Here we are on the “Italian Riviera”
We left Florence this morning, stopped st Pisa, and moved on to Santa Margherita Ligure. This is a small coastal town just south of Genoa.Here is our room in the Hotel Jolanda. It was a nice clean room with a great view of the alley, but it was in the center of town near the beach.Here is the beach. The beach was a mess. An ocean storm had recently hit Genoa (to the north) and the after effect here was a beach littered with big mounds of debris. Mary Ann and I went looking for sea glass, but there was too much junk and plastic on the beach so we didn’t find any any (I make jewelery out of sea glass that is sold to the summer tourists in a local jewelery shop in Kennebunkport, Maine).
There are two statues on the waterfront: One of Victor Emmanuel, Italy’s first president (remember the big white Victor Emmanuel Memorial in Rome?). The other was of Christopher Columbus, a native Italian who came from Genoa. He is looking west to the New World. We walked around town, looked at unusual vehicle, and then joined the group for a delicious fish dinner (Bream) at a small local restaurant. After that, we returned to hotel and, after our long busy day, we conked out.In the morning, after breakfast, we gathered with Eva to catch a bus to Portofino. Today was originally a planned GCT Excursion by boat from Santa Margherita to Portofino. The seas were angry that day and it was off and on rain. The remnants of the Genoa storm.
We arrived at Portofino in the drizzle, walked down their short main street to the harbor and up a paved trail to a pretty little church and cemetery overlooking the town.This is our gloomy view Portofino harbor from the church. Not much happening there on this crappy morning. I did find some sea glass on a bit of beach neat that white dot on the waterfront.From our helicopter, on a nice day, this is what Portofino really looks like. Most small town along this coast look similar: Built at the base of a narrow ravine that becomes a river during a heavy rain.The weather improved and we got tired of waiting for a bus back and decided to hoof it. Our 3 mile walk back to town started OK. It was dry and pleasant.We rounded a bend and left the shelter of the hills. The wind and waves now hit us. We were too far along to turn back so we pressed on., Mary Ann had to hang on to keep from blowing off the boardwalk. I don’t know how that little tree on the rock hung on…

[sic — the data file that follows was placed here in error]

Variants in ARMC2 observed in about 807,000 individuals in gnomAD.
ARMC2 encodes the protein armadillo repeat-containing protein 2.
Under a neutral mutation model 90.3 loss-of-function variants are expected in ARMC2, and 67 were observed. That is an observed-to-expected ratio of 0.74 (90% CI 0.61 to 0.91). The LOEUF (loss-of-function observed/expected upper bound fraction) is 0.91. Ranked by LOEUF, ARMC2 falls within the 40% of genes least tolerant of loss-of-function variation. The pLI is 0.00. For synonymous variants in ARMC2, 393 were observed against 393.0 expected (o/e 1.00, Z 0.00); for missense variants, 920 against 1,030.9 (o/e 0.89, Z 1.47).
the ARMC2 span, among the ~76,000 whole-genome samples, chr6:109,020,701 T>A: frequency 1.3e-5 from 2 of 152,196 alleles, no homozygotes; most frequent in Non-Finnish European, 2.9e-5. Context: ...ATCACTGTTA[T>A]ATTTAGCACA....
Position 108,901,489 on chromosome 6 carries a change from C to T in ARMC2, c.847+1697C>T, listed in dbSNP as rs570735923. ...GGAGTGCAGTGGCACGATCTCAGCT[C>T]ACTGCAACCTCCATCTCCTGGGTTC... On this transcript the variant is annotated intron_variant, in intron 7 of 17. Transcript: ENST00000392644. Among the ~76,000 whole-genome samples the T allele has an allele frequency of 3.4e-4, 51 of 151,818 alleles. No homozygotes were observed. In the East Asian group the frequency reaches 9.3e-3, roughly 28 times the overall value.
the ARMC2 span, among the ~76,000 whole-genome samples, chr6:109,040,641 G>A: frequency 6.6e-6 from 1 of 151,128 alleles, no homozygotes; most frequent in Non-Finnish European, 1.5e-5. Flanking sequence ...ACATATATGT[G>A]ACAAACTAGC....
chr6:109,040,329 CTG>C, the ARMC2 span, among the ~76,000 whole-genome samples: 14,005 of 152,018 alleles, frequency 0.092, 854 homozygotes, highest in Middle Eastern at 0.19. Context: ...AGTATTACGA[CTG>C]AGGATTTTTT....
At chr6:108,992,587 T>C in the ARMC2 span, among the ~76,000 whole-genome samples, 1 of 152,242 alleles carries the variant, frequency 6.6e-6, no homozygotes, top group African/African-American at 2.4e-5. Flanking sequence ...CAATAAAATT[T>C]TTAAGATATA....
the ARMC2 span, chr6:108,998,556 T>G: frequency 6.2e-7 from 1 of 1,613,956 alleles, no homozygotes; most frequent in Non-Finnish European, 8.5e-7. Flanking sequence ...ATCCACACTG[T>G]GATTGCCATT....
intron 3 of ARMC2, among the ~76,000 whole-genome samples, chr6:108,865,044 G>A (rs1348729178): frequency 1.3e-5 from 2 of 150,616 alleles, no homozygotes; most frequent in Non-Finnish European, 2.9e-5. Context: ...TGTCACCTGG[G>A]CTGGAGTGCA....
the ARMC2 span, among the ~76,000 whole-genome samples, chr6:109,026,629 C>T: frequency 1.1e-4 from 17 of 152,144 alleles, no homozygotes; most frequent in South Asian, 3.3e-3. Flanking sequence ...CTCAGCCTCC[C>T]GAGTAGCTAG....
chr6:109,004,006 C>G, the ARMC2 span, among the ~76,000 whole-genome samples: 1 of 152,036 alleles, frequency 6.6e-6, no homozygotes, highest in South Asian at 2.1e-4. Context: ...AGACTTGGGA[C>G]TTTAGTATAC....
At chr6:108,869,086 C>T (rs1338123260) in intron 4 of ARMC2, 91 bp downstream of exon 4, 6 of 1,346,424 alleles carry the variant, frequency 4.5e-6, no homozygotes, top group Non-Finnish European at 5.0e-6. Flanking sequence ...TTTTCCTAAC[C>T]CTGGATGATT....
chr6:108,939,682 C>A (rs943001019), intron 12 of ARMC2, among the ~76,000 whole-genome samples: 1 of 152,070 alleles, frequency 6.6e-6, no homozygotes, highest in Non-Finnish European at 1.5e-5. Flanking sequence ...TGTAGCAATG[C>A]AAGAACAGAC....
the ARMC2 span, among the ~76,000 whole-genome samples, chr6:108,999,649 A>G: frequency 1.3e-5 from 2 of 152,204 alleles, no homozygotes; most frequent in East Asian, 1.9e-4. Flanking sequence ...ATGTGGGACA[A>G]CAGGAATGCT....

Eventually, we walked through a full blown gale. No rain, but lots of wind and waves crashing over the road. Note the red flag: Small craft warning. Note the Italian flag. It has an emblem in the middle. This signifies the coat of arms of the Italian Navy. The quarter emblems refer to the four Maritime Republics before unification:
1st quarter: on red, a golden winged lion (Republic of Venice);
2nd quarter: on white field, red cross (Republic of Genoa);
3rd quarter: on blue field, white cross (Republic of Amalfi);
4th quarter: on red field, white cross (Republic of Pisa).
Enough about wind and waves. It was late in the afternoon when made it back to Santa Margherita and it’s quiet sheltered harbor.We thought we here home free, but we were just in time to get caught in a driving rain storm. The streets were rivers and people were seeking shelter in stores and restaurants.
Since dinner “was on our own’, and we were wet, we went to the local “Cespar” and bought cheese, crackers, fruit, and wine and dined in our hotel room.